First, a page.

Sequim golfer takes aim at world drive title

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Matt Eveland, 30, is going long. So long that it’s taking him to the RE/MAX World Long Drive Championship in Mesquite, Nev., from Sept. 23-27.


Eveland said his wife and family and members of The Cedars at Dungeness Men’s Club have been supportive and especially excited with the event televised on ESPN and the Golf Channel.


As a 2001 Sequim High grad and golf team player, Eveland said he’s always been known for hitting long drives. But when he competed for the first time at the June 6 state qualifier at High Cedars Golf Club in Orting, Eveland said his hand was shaking putting the tee into the ground before his first shot.


He shook off his nerves by slamming a 331-yard drive to win and move into regionals in late July at the same course.


In long drive the setup is simple — each competitor gets six balls and two minutes and 45 seconds to hit them all. Whoever hits it the farthest and toward the grid either wins or moves to the next qualifying round.


For Eveland, he went into the regional districts against 40 of the best long-drive hitters from multiple states and parts of Canada to take second with a 340-yard shot best.


If his club aligns just right, he could fly to the finale on Oct. 30 with a top eight world finish for a chance at $250,000. Finalists will shoot from the Las Vegas Motor Speedway for the prize.


Eveland said he’s always known about the competition and is excited to finally participate.


If he won the grand prize, he said it’d be enough to ask his wife not to work anymore.


What it takes

Becoming a serious competitor led Eveland to change from his Taylor Made driver with a 9-degree angle to a Krank Formula-5 drivers with 4-, 5- and 6- degree angles.


Jerry Allen, CEO of 7 Cedars Casino, sponsored him and paid for the clubs. Eveland said he’s been researching the drivers and these are what the best use.


His swing speed with his regular drivers has gone from 115 mph to upwards of 143 mph with the long range drivers. These drivers are three to five inches longer and about 15 to 20 grams heavier, he said.


To get used to them he’s been doing a lot of upper body workouts.


“It hasn’t been a hard transition, but when you switch back to using an iron when playing it’s like swinging a broom handle,” he said. “You have to really turn through it because you can slice it.”


At competition, he said his approach remains the same to focus on a point and swing through to a target.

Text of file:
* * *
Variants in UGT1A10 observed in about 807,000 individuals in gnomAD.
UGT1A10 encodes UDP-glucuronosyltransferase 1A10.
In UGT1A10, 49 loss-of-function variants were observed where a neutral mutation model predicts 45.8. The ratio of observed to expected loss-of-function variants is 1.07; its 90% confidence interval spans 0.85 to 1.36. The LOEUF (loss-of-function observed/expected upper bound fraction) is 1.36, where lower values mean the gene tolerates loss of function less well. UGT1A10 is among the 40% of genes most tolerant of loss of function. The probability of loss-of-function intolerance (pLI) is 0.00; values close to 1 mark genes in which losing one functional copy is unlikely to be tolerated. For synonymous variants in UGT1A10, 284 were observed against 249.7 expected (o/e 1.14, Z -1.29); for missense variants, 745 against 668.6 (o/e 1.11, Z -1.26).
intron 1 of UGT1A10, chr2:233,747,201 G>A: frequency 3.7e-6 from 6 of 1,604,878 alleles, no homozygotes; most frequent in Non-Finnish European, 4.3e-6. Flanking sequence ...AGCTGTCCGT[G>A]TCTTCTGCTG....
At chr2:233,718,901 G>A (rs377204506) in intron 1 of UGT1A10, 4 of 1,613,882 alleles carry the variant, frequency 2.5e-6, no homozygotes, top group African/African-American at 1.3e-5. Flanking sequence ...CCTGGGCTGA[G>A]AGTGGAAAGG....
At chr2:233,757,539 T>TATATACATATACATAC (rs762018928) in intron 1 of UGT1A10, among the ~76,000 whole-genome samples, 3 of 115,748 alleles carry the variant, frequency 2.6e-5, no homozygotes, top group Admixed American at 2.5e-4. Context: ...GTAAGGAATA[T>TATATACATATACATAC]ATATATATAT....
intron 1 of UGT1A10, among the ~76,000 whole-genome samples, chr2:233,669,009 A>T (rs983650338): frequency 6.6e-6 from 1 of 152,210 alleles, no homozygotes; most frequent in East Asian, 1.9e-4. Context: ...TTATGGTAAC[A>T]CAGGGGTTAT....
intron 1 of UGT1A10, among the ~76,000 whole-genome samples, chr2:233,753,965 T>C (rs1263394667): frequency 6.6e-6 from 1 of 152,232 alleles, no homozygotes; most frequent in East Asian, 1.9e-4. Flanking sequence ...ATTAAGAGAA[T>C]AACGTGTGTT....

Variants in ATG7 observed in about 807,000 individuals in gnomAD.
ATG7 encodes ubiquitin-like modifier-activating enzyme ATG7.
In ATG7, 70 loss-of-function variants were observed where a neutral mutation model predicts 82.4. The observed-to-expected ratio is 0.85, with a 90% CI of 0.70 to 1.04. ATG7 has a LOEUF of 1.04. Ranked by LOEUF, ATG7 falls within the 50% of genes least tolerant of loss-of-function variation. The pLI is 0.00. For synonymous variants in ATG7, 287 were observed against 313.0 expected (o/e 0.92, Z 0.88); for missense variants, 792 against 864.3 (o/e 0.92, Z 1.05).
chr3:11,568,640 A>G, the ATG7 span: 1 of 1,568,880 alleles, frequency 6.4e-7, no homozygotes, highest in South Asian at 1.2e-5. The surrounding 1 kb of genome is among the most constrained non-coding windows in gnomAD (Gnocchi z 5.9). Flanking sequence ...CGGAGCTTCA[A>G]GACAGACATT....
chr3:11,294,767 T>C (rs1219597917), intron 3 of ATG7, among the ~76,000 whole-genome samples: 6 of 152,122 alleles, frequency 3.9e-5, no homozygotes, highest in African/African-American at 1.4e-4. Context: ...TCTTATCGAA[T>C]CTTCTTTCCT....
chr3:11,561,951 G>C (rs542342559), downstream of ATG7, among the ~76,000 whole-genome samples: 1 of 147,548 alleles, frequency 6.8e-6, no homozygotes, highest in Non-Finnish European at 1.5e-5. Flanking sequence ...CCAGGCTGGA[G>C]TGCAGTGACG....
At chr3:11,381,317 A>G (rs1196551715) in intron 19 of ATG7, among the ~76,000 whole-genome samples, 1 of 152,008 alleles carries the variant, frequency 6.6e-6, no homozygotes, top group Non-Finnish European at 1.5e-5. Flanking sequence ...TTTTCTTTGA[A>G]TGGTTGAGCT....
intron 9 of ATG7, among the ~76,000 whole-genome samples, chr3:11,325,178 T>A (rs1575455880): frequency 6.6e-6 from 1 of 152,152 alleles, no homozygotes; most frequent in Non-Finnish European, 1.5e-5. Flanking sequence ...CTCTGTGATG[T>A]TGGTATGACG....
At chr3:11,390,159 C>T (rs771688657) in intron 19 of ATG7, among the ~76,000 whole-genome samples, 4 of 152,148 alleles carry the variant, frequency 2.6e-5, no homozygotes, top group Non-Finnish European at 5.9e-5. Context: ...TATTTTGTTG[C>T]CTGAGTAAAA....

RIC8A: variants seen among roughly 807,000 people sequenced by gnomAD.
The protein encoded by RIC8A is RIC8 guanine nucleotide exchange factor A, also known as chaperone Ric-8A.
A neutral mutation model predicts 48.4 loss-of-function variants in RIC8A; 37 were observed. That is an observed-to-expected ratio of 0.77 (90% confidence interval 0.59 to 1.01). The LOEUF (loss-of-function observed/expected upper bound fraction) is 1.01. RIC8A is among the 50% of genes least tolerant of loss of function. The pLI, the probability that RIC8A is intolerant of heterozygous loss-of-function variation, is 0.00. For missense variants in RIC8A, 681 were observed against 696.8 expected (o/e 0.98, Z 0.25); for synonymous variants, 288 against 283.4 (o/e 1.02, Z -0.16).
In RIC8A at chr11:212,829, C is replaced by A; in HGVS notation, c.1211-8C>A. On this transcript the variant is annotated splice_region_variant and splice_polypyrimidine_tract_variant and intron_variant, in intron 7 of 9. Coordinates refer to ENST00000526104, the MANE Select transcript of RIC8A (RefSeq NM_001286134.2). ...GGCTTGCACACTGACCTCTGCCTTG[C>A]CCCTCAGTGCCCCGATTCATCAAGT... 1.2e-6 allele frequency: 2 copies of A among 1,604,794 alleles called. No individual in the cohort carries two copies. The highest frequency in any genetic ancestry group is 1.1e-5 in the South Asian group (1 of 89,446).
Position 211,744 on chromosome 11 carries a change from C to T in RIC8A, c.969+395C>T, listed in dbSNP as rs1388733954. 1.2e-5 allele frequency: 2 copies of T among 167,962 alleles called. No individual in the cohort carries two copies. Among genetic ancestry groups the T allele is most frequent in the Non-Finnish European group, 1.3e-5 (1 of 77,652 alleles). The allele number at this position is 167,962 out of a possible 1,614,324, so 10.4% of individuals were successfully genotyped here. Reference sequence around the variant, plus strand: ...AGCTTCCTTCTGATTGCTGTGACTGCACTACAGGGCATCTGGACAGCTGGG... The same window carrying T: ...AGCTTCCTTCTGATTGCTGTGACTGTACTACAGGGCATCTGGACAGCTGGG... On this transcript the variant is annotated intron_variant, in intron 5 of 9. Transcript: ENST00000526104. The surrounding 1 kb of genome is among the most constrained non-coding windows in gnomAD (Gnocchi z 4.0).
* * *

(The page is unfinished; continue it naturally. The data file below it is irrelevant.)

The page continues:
“Every competition I’ve been to I’ve hit the grid 50 percent of the time,” he said.


“I find a point and stick it. I don’t correct anything if I’m in the middle of hitting. I close my stance and keep things the same.”


Eveland’s approach seems to work because at The Cedars’ Merchants League he hit one drive 400 yards that barely rolled out of bounds.


World competitor and a family man

Eveland isn’t practicing daily because of work and family obligations — he has three children ages 2, 8 and 10 and another child due in December.


For work, he’s served as the food and beverage manager for The Cedars at Dungeness since July 2010.

He’s also playing through degenerative disc disease with two protrusions in his back.


“It’s a struggle sometimes,” he said.


“But I plan to keep doing it as long as I keep my back healthy and stay competitive for years to come.”


He last competed at the Snohomish Long-Drive competition on Aug. 4. with a third-place finish and a 350-yard strike behind winning shots of 355 and 359.


At the world competition, he’ll see 192 competitors mostly from the U.S.


“My goal is to be competitive,” Eveland said.


“Winning is a dream. I feel I continue to make good contact. If I make it into the finals, that’d be great.”


To win, he thinks he must hit it 390-400 yards in Mesquite, which he said is doable with its high elevation and thin air.


“My hope is that by hitting at 360 here I can hit it that far there,” he said.


As a precursor to the event, Eveland is partnering with The Cedars to host a long-drive challenge on Saturday, Sept. 14, with registration at 1 p.m. and the competition at 2 p.m.


Players will hit the ball from hole 18 to the driving range. “It’s a chance to come out and play against a world long-drive competitor,” Eveland said.


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